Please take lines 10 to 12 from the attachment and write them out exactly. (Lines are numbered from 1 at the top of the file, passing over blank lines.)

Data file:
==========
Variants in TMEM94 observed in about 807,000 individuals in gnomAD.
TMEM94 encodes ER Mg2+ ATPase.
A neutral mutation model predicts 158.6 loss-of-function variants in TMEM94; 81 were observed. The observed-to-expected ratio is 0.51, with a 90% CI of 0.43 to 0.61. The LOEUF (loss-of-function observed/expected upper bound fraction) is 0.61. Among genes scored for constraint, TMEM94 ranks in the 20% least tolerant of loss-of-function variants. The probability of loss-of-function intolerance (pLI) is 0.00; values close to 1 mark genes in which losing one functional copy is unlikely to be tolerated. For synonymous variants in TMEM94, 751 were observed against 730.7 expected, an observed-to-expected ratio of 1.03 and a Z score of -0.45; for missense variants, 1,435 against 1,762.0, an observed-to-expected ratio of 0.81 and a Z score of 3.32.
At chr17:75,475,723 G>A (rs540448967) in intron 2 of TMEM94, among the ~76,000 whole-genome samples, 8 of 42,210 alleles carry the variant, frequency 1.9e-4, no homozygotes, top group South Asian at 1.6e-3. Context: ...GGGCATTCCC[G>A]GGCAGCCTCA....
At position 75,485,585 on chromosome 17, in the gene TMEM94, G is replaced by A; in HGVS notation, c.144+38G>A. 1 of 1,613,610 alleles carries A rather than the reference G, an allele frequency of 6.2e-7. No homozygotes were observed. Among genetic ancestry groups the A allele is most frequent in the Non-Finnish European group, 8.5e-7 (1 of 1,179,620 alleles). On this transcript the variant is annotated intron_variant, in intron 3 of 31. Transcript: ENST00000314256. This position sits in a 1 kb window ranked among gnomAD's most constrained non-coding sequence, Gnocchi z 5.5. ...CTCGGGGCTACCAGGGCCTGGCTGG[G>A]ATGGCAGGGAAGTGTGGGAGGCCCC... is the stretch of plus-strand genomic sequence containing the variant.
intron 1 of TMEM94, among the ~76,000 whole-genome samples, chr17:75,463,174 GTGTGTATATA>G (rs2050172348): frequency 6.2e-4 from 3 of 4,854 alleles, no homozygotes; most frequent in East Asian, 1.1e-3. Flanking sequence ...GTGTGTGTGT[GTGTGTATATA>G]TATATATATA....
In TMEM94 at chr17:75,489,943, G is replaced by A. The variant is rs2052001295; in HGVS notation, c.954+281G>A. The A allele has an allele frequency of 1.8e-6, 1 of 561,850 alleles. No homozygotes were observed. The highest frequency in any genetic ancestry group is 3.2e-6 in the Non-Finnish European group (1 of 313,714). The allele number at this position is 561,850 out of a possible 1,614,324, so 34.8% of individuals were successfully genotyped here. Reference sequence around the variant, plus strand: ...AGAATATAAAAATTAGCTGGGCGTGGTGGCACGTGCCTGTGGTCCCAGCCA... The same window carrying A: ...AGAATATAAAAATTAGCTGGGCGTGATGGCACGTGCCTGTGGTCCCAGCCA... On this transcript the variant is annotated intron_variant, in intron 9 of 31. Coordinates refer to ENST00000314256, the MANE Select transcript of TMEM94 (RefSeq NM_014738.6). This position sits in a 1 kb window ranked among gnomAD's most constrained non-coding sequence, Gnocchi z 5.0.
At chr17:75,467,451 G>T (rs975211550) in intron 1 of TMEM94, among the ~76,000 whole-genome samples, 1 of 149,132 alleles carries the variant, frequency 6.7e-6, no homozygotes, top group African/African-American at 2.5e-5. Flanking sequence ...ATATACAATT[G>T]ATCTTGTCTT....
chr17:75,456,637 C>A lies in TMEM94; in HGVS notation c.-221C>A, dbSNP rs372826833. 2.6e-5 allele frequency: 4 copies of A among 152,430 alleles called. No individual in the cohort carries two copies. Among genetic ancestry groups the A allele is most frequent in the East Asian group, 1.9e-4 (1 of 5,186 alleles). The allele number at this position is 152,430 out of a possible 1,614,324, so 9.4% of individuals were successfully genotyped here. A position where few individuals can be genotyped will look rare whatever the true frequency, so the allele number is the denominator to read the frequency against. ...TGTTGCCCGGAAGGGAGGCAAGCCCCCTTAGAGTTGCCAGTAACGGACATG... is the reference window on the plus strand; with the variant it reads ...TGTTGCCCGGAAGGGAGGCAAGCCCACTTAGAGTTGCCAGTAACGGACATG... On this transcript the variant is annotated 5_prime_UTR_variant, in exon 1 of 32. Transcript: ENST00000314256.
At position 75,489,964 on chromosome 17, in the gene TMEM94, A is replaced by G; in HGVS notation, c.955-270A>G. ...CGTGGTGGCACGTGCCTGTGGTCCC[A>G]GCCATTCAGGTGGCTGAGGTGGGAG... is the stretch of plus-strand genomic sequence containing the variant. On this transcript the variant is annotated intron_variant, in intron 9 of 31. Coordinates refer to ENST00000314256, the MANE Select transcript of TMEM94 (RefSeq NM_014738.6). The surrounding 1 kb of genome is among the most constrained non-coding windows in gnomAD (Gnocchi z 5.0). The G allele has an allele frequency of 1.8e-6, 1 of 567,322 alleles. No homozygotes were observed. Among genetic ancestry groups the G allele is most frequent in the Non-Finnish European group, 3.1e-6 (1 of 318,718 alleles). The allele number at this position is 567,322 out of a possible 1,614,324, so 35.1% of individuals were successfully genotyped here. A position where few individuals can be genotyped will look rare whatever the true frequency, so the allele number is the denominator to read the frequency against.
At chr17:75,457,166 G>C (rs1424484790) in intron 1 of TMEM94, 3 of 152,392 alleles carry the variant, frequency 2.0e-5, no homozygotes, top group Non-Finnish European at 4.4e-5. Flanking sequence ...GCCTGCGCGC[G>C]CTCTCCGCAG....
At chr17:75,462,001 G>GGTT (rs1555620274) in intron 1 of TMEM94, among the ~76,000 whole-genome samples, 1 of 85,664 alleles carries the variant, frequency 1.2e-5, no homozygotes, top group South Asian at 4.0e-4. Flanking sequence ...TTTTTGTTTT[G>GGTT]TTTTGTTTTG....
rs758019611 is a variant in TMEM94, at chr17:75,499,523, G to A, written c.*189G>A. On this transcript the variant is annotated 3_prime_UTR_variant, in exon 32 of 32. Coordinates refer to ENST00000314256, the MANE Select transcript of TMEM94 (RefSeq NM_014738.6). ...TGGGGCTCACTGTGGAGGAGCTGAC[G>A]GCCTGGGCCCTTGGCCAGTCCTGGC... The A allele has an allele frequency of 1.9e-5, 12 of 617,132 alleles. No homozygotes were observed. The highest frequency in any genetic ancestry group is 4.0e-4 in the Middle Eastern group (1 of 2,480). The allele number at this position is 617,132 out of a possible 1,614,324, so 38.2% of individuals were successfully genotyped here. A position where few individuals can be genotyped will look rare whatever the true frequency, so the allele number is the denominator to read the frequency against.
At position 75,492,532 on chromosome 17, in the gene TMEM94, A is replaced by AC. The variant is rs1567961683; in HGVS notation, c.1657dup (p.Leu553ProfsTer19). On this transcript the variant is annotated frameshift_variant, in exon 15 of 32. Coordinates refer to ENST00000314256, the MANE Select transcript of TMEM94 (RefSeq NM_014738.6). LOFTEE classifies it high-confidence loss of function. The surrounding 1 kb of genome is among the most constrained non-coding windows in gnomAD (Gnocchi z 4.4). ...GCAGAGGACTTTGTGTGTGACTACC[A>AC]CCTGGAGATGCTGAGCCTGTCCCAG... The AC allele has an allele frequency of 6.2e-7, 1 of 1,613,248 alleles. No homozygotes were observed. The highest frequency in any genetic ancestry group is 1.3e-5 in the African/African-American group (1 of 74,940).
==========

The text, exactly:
At position 75,489,964 on chromosome 17, in the gene TMEM94, A is replaced by G; in HGVS notation, c.955-270A>G. ...CGTGGTGGCACGTGCCTGTGGTCCC[A>G]GCCATTCAGGTGGCTGAGGTGGGAG... is the stretch of plus-strand genomic sequence containing the variant. On this transcript the variant is annotated intron_variant, in intron 9 of 31. Coordinates refer to ENST00000314256, the MANE Select transcript of TMEM94 (RefSeq NM_014738.6). The surrounding 1 kb of genome is among the most constrained non-coding windows in gnomAD (Gnocchi z 5.0). The G allele has an allele frequency of 1.8e-6, 1 of 567,322 alleles. No homozygotes were observed. Among genetic ancestry groups the G allele is most frequent in the Non-Finnish European group, 3.1e-6 (1 of 318,718 alleles). The allele number at this position is 567,322 out of a possible 1,614,324, so 35.1% of individuals were successfully genotyped here. A position where few individuals can be genotyped will look rare whatever the true frequency, so the allele number is the denominator to read the frequency against.
At chr17:75,457,166 G>C (rs1424484790) in intron 1 of TMEM94, 3 of 152,392 alleles carry the variant, frequency 2.0e-5, no homozygotes, top group Non-Finnish European at 4.4e-5. Flanking sequence ...GCCTGCGCGC[G>C]CTCTCCGCAG....
At chr17:75,462,001 G>GGTT (rs1555620274) in intron 1 of TMEM94, among the ~76,000 whole-genome samples, 1 of 85,664 alleles carries the variant, frequency 1.2e-5, no homozygotes, top group South Asian at 4.0e-4. Flanking sequence ...TTTTTGTTTT[G>GGTT]TTTTGTTTTG....